January 26, 2013
Welcome to the Saturday meme hosted by Colleen at Thoughts on Grace. Join us for inspiration.
Fasting and abstinence on Fridays
Lucky for me I can lie in bed and meditate upon waking in the morning – most days – great Sabbath Moments. One day this week I was thinking about the American bishops calling for fasting and abstinence on Fridays to end abortion. I grew up in the time when one aspect of Catholic identity was to fast and abstain from meat on Fridays under pain of mortal sin. In fact, since the beginning of the Church, doing penance has always been highly emphasized, and fasting and abstaining from meat on Fridays was high on the list for everybody for centuries.
After Vatican II the 1966 constitution Paenitemini (III.II.1) of Pope Paul VI re-affirmed that failure to make “substantial observance” of the law of Friday abstinence is grave matter, i.e. constitutes a mortal sin. But then the 1983 Code of Canon Law, canons 1251 and 1253 gave each Bishops’ Conference the authority to substitute the universal law of Friday abstinence from meat with another local practice for the Catholics of their region. This practice had already been in effect since the end of the Council and was merely codified when Pope John Paul II approved this final Vatican II document.
In America the bishops said that some act of penance or mortification or some good work could be substituted for fasting and abstinence, and this in 1966. Worldwide after the conferences made their decisions to abandon the traditional Catholic practice of fasting and abstinence on Fridays, the bishops went dark on the whole subject of penance and mortification and a key aspect of our identity disappeared, yet the Pope never said “forget the whole thing” and technically speaking, neither did the bishops.
For centuries the Church called for us to fast and abstain from meat on Fridays to show our love, appreciation, and honor for Jesus dying on the cross to save us. It was a potent reminder in our bodies of the spiritual reality that we must unite ourselves to the Crucified and “take up your cross and follow Me.” It was a universal practice that called for humility and obedience to Church law – an aid to taming our defiant nature.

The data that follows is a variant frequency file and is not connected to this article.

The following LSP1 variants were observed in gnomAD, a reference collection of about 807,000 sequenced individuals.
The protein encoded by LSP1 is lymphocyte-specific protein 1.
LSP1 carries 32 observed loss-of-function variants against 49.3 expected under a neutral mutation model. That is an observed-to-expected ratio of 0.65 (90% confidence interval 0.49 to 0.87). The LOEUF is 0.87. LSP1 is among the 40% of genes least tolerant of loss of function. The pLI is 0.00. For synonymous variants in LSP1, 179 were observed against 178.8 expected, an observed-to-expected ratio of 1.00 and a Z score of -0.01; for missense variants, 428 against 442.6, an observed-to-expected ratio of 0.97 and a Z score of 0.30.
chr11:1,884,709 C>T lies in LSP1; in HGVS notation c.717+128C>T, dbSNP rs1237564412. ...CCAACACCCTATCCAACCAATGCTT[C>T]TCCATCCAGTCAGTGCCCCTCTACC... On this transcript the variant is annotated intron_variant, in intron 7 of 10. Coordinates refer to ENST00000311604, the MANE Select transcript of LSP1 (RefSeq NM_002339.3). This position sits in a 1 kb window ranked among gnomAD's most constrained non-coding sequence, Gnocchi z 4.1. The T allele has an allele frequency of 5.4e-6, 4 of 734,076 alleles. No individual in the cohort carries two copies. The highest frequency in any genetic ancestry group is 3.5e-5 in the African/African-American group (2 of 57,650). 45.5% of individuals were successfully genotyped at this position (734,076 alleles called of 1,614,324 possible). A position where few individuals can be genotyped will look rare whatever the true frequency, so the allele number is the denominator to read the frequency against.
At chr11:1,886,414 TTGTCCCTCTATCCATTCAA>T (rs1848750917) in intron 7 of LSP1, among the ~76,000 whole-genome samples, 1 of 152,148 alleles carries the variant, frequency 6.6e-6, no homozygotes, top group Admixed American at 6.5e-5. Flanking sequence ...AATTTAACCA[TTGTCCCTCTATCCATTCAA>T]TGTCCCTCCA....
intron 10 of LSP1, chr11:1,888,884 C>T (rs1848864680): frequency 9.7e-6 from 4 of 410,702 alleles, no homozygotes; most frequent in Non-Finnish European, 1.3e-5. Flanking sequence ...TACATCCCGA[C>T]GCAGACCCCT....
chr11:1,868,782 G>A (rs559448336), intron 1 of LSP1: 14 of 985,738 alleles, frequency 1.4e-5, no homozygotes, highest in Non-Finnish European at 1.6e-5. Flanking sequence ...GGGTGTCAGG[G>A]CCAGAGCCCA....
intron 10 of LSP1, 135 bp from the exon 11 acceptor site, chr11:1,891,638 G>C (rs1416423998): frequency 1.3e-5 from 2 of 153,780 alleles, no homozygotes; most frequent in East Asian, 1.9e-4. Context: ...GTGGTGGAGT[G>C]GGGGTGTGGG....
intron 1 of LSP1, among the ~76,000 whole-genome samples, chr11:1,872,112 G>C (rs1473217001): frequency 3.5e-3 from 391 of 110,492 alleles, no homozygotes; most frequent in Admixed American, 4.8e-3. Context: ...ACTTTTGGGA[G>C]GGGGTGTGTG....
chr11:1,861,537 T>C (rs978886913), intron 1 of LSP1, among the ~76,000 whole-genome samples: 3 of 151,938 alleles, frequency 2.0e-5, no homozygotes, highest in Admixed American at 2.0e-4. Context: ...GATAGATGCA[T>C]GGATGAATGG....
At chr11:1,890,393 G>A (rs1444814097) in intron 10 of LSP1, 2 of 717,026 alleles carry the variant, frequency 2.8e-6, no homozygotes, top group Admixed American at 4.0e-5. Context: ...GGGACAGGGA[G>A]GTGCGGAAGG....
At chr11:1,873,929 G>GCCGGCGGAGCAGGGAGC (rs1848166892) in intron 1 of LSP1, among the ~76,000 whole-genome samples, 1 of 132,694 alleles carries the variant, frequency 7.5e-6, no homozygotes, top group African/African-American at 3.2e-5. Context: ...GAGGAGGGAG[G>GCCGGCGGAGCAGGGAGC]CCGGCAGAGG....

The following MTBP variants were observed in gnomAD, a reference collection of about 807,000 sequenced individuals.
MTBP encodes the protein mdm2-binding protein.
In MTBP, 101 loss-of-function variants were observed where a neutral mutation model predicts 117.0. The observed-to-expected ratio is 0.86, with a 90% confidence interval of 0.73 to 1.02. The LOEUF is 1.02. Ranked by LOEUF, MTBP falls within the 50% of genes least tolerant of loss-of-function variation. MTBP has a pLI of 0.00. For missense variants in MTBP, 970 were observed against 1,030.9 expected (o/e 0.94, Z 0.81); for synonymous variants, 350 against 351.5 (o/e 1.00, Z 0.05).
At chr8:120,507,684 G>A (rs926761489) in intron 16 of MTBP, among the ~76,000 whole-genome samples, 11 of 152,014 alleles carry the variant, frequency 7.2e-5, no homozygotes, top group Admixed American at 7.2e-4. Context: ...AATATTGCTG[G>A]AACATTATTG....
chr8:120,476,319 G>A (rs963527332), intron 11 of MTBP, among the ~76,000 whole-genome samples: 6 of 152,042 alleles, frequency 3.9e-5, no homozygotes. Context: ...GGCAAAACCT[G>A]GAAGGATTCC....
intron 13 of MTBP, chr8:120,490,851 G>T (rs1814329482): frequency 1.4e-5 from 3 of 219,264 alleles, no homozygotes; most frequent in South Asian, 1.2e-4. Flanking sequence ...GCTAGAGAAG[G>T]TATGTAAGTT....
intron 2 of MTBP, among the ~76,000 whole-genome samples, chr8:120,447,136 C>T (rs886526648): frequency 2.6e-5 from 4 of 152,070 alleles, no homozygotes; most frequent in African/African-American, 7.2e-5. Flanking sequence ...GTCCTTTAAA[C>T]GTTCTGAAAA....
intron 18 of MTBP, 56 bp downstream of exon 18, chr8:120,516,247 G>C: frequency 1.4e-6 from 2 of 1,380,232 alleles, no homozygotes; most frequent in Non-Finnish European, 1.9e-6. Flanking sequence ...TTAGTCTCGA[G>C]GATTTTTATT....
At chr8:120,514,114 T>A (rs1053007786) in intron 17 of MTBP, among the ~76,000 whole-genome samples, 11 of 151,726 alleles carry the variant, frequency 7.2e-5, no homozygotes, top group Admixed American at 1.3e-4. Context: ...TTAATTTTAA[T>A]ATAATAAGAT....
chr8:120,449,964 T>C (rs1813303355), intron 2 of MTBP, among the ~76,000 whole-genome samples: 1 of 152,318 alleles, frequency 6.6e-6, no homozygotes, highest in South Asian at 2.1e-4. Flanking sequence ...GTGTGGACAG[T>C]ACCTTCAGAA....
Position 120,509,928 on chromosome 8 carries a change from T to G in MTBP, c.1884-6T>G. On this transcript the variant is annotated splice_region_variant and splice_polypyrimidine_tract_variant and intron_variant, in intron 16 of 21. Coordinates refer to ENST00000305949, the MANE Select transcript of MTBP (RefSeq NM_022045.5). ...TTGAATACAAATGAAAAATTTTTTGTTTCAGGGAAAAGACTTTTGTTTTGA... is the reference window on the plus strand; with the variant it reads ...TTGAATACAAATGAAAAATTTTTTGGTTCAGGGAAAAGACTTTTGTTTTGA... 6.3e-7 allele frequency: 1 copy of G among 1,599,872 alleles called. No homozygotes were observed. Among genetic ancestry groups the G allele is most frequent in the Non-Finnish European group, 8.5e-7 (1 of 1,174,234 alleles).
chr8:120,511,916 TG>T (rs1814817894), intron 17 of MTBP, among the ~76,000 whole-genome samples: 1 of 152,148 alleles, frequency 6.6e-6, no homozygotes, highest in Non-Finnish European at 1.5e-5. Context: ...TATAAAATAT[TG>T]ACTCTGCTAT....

One day a week is all the Church mandated for this universal practice of mortifying our flesh to control concupiscence. To emphasize the seriousness of this command the Church, under the power of the keys of Peter, decreed it to be mortally sinful to deliberately disregard it. The sick were always dispensed from it, and others for good reason could be dispensed by their pastors. If a person accidentally forgot it was Friday and ate meat, it was not a mortal sin.
I remember well the Friday menus at our house. Today I can’t eat any of these meals because of gluten sensitivity, but back then it wasn’t an issue. We might have grilled cheese sandwiches and tomato soup; egg salad sandwiches and tomato soup; fish sticks with macaroni and cheese and a salad; salmon patties, lima beans (BIG penance for me!) and salad; or glop. Glop was my favorite. It was Campbell’s cream of mushroom soup with cut up hard boiled eggs and canned tuna mixed in served over a piece of toast and a side salad. Because of budgetary restraints we didn’t have shrimp or other more expensive items.
Some mommy bloggers have said how much they hate to deal with meatless Fridays in Lent. The best way to handle meatless Fridays is to make it a year round practice and draw up a variety of menus that will appeal to the family. The kids are saints in training. They need to learn self-denial and a graceful handling of inconvenience. If meatless Fridays become a habit in the family, nobody will think anything of it, especially if it is presented within the context of developing good spiritual habits and showing appreciation to Jesus for dying on the cross for us. And everything we do from the preparing of the menu to the cooking of the food and eating it we can offer with joy to our Father.
My husband and I have observed meatless Fridays for many years. It’s not always easy. I’ve had to get creative with the gluten free demands of my diet. Scrambled eggs with fresh green peppers and mushrooms topped with the cheese of our choice and home made killer salsa is a favorite in our house. A vegetable broth based soup with grilled cheese sandwiches made with Udi’s bread works well, too. Of course, if you are not gluten sensitive you can use the bread of your choice.
The most important thing, though, is to do it out of love and in unity with the suffering Christ and all the suffering people of this world. Getting hung up on whether it’s a mortal sin or not to eat meat on Friday is emphasizing the wrong thing. Are we trying to do the least possible in our relationship with God – being stingy with the One who gave us life and all that we have – or are we expressing the attitude of gratitude and growing a generous and loving heart? Our whole purpose in fasting and penance is to get us to that final encounter with Christ where we hear, “Come ye blessed of my Father.”
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